Wednesday, October 21, 2009

Wait, What? Vista's Failure was Due to Security?

Everyone has a theory on why Vista was underwhelming. The most curious theory is that of Steve Balmer who said to the Telegraph:

"We got some uneven reception when [Vista] first launched in large part because we made some design decisions to improve security at the expense of compatibility. I don't think from a word-of-mouth perspective we ever recovered from that."

Hmm.  Something tells me that Steve is right about security being the problem, but it wasn't because of compatibility issues.  Security was improved at the expense of usability.  Remember this little Apple commercial that lampooned Window's security?

Vista's application security features were so annoying that it was laughable - and in the end poor security. Security expert Bruce Schneider has a  take on this as well:

"There was also the problem of Vista's endless security warnings. The problem is that they were almost always false alarms, and there were no adverse effects of ignoring them. So users did, which means they ended up being nothing but an annoyance."

So what's the takeaway?  Security doesn't work if users become conditioned to ignore your security features.

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Ding Dong the Witch (IE) is Dead

I've just been browsing through my client's Yahoo Analytics. Internet Explorer's fall from the dominant web browser has been stunning. A few months ago, here is what most websites would see (and Internet Explorer was Pac-Man):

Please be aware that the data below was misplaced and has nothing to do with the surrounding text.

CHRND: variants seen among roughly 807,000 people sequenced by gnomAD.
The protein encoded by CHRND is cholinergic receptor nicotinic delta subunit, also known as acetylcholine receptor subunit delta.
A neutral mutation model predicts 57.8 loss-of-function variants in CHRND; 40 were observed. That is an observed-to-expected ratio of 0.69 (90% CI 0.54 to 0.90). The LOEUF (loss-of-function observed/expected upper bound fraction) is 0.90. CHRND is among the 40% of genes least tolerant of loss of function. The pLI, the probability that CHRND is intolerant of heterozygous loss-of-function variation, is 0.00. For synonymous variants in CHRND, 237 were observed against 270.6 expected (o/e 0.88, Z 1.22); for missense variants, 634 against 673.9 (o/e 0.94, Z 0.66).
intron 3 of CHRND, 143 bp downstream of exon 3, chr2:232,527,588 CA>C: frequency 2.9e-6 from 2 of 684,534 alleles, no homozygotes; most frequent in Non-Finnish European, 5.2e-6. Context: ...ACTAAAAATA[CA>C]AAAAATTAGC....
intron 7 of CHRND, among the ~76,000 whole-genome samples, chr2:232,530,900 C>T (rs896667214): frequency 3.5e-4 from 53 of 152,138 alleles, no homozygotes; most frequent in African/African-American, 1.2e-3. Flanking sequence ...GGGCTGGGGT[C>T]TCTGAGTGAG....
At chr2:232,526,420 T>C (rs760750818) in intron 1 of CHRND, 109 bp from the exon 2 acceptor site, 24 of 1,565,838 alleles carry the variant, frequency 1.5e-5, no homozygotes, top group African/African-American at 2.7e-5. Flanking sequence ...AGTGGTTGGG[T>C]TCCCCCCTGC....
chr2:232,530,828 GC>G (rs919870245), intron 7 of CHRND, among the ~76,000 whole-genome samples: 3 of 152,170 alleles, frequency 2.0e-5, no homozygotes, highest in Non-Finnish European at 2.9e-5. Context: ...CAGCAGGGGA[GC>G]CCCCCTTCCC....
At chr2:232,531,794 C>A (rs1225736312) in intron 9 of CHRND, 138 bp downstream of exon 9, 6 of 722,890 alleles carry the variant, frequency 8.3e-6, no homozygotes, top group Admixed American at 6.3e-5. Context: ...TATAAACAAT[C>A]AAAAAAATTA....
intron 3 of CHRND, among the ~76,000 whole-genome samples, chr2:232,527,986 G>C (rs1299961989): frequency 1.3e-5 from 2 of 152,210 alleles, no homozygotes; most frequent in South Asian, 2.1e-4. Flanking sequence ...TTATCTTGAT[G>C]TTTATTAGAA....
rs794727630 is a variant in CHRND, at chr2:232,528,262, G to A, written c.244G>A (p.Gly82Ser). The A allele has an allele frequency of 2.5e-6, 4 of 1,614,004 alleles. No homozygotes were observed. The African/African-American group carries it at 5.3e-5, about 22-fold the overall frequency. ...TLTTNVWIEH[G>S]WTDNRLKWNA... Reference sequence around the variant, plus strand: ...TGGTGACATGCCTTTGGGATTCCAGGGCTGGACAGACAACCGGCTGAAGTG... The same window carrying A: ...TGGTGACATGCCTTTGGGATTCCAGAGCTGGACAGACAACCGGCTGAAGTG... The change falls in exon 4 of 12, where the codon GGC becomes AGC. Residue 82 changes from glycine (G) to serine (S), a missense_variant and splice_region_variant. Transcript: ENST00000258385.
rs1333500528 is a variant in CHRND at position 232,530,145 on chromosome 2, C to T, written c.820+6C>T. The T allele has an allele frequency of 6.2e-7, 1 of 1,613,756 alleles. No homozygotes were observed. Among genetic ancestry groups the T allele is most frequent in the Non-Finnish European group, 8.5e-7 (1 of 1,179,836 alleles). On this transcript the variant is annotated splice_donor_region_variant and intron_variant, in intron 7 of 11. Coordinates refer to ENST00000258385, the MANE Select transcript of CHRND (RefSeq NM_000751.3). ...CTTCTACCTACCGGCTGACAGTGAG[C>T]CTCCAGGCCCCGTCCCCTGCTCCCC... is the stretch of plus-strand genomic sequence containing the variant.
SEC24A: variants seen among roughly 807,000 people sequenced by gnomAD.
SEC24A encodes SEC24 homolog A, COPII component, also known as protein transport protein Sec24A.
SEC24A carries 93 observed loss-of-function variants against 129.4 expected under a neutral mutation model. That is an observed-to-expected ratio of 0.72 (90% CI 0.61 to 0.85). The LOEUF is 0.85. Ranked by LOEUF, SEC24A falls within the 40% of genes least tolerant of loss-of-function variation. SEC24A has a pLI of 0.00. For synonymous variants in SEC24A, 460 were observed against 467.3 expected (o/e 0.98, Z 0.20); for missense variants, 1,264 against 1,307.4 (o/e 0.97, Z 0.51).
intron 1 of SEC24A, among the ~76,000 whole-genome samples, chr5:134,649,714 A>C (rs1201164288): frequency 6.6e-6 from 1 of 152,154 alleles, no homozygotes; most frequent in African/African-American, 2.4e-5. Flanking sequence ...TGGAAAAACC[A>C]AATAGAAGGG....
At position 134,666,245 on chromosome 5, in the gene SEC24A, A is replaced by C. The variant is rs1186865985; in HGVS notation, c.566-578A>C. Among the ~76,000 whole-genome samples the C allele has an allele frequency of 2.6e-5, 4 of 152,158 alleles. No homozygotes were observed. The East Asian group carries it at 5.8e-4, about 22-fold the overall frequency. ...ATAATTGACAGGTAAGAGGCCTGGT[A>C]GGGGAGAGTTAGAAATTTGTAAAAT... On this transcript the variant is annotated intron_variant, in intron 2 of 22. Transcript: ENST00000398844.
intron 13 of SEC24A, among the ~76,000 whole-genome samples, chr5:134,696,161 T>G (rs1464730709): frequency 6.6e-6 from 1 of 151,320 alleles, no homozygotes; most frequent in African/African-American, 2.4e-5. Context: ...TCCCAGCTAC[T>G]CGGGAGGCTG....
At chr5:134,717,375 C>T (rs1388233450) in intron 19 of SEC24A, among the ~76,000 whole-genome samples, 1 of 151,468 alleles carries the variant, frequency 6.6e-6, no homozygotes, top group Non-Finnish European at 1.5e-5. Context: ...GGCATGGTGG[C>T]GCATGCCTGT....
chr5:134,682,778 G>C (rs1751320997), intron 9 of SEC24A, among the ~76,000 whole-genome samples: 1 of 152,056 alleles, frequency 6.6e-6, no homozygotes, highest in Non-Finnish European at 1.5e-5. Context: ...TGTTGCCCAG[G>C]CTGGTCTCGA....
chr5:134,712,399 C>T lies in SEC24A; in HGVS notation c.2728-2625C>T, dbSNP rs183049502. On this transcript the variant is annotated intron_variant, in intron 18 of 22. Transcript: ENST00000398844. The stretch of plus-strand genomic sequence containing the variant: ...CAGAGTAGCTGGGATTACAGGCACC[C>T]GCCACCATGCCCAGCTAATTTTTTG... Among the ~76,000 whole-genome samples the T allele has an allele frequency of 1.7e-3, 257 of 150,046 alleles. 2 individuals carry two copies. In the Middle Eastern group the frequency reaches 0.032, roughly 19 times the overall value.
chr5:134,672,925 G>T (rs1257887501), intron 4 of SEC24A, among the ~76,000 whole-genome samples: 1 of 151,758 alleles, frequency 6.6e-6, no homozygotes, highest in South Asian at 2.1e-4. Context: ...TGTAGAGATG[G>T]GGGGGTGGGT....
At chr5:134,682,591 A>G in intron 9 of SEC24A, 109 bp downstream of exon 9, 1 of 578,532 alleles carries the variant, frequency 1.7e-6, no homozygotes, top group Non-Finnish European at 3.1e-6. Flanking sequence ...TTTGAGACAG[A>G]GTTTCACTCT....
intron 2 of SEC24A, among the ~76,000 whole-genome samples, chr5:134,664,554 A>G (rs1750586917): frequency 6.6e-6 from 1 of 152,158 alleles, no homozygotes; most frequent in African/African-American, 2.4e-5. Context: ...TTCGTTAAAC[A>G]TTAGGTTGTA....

Now, things are a lot different. Suddenly, Firefox, Google Chrome, Safari and Opera have ganged up on Internet Explorer and stole it's lunch money. Here is a typical browser report for a client website from Yahoo Analytics (it's real time and Google isn't).

In short, Firefox and IE have near equal 38-42% market shares. Chrome, Opera and Safari are eating a big piece of the pie, too. This is good news for designers who have been complaining about Internet Explorer's major problems with W3C compliant code.

What is interesting is that smart phones and iPhones (if I don't say the word iPhones the Apple zealots will be at the door with torches and pitchforks) are not yet making their mark just yet in non-techie websites. The only places where I see little screens on this report is for websites that would be considered technology sites.

What are you seeing in you metrics this month?

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